Our children deserve to come out of the other end of their early learning journeys with the same confidence, same belief in oneself and equally knowing their value in our society. The same humility, compassion, respect for others, and global understanding of our wonderfully diverse world. That no one is better or smarter or more intrinsic than anyone else. Not a King or Queen, Prince of Princess. Not a Prime Minister. Not a President. Not a human over an animal or our Mother Earth. That we are all equally important pieces of our community puzzles. We cannot take away a bee, a wolf, a river, a tree, you or me without taking something from the spirit and harmony of the grander painting.

Students should take that leap into adulthood with these basic skills and understandings. We can accomplish anything when we believe in ourselves, and only a fraction of our full potentials when we are left questioning all the numbers and letters 14 years of report cards have said about us.

Most of all, our children must have an educational experience as diverse as their many different learning profiles. Inclusion must be individual to what feels right for them. Not what politicians and office educators believe is best for our children.

Inclusion is personal. It’s time for our learning institutions to be holistically reflective of this.

Education is in need of the greatest innovation in how it’s delivered from structure, delivery and budget, to programming and environment. INSE seeks to be at the forefront of this innovation.

Roads Not Travelled

Day 67

Part 1 – Who am I?  But not totally.

Chapter 13: Roads Not Travelled

It’s been said that travelling makes a great leader. I believe international travel is what’s assumed here. Maybe one day I’ll leave this continent beyond ascending/descending back into somewhere North America.

Like papers, travel can also be looked at in an alternative light as well. Not that I don’t think there is great value and learning in seeing the world first hand and not via blurred faces in Google Streetview. I am not questioning world travels value. I may not have seen the world, but I have had many great adventures none the less.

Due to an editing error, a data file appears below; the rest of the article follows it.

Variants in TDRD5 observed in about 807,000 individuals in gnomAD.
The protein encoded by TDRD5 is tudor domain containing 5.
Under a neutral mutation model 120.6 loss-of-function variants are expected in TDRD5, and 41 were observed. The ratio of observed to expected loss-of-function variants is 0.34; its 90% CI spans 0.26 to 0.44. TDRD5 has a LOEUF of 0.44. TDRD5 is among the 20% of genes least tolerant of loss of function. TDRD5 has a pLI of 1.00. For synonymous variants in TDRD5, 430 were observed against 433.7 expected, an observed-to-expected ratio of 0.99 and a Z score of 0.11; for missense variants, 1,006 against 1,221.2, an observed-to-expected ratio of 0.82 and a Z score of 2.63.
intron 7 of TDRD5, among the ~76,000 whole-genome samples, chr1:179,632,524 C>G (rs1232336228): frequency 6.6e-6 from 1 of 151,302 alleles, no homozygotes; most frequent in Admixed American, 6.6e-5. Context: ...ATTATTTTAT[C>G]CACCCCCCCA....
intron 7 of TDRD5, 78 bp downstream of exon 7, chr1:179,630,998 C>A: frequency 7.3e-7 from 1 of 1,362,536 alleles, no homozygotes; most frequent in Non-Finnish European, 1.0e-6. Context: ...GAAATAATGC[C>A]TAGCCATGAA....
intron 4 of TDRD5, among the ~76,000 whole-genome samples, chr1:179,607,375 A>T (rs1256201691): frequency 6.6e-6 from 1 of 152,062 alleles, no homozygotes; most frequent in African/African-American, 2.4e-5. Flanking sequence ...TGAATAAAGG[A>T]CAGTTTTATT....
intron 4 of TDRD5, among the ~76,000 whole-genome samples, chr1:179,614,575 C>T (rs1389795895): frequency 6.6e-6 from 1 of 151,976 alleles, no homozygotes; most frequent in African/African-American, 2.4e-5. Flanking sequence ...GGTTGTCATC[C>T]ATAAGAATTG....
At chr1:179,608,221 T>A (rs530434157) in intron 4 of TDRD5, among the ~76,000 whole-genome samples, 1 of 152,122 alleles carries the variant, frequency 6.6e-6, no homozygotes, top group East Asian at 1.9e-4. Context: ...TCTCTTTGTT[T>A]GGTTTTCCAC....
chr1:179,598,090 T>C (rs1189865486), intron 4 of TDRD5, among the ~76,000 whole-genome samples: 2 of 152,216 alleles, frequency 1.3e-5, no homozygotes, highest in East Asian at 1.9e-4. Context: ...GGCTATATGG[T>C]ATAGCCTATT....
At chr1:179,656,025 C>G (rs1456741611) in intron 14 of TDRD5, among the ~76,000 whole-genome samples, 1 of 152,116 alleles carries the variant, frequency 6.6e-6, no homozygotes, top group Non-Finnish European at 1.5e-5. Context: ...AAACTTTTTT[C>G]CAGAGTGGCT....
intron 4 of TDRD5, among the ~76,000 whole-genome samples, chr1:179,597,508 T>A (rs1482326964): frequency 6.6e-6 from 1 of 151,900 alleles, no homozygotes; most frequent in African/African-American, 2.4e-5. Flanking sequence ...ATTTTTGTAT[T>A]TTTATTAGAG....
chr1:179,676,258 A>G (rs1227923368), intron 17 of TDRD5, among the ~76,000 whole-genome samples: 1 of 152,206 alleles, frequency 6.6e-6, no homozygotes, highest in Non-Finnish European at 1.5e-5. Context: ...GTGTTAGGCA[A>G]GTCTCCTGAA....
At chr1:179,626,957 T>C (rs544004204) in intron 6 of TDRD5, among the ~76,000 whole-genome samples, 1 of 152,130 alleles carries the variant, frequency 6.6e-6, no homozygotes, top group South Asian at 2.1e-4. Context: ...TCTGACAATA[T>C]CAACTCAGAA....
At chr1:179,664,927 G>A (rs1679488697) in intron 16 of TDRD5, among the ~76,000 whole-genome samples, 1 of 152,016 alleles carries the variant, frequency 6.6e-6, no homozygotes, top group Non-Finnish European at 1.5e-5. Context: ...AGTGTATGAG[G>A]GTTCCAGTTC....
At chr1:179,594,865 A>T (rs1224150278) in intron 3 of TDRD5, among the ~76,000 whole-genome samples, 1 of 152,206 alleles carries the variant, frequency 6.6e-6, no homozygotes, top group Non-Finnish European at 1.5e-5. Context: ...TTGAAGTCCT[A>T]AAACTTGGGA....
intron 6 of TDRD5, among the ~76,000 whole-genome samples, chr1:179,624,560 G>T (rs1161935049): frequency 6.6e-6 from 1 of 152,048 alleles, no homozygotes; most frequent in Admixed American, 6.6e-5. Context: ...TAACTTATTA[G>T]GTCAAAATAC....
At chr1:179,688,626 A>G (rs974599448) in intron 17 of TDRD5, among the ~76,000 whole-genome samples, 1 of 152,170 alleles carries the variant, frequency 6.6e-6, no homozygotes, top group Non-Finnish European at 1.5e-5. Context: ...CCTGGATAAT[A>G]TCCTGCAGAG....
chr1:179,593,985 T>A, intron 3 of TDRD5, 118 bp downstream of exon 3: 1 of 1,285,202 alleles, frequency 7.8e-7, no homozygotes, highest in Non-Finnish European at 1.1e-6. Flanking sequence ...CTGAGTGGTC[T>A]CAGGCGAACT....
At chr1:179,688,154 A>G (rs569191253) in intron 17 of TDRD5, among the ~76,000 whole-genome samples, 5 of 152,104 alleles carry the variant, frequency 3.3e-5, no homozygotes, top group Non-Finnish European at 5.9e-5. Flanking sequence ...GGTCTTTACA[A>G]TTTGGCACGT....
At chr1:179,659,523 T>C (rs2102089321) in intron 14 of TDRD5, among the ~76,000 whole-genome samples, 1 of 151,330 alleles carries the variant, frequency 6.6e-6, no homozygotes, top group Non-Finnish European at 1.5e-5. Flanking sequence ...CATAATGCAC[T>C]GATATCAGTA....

I dream of seeing Denmark first. Having had a grandfather born in Odense – the home of Hans Christian Anderson as we were often reminded, and listening to his stories of home made me want to visit these roots first. England would be my second choice for both the magic in the accent, and the fact that I am not only two parts English, we have close family friends from England. Their influence has left a long-standing desire to venture to these lands.

Africa, Hawaii, Scotland (because of my paternal lineage), and Mexico are also up there. I would however, like to meet the natives while I travel like my grandfather always made a point to. He was never content to lump around a resort in a speedo downing Corona’s until he passed out in the baking hot sun. “I’ll thank you for one but not another”, was my grandfather’s alcohol modo. He made a point to explore and make connections with the locals on all of his travels. These experiences made his stories come across as a lived adventure rather than an all expense list of resorts he’d stumbled around through for a week.

I’ve seen more of the United States than I have Canada. Other than various Ontario destinations, numerous trips to Quebec or a one night adventure in Alberta, there’s so much I want to explore here at home.

I am very lucky in both my jobs to work with a very diverse group, so there has been a lot of learning about different cultures worldwide. Seeing firsthand is feeling the true spirit, struggle, and cultural differences I know, but there is so much to learn, appreciate and gain from our multicultural neighborhoods. Although historically our diversity has been very white European in our town, the past 40 years have really changed our landscape for the better.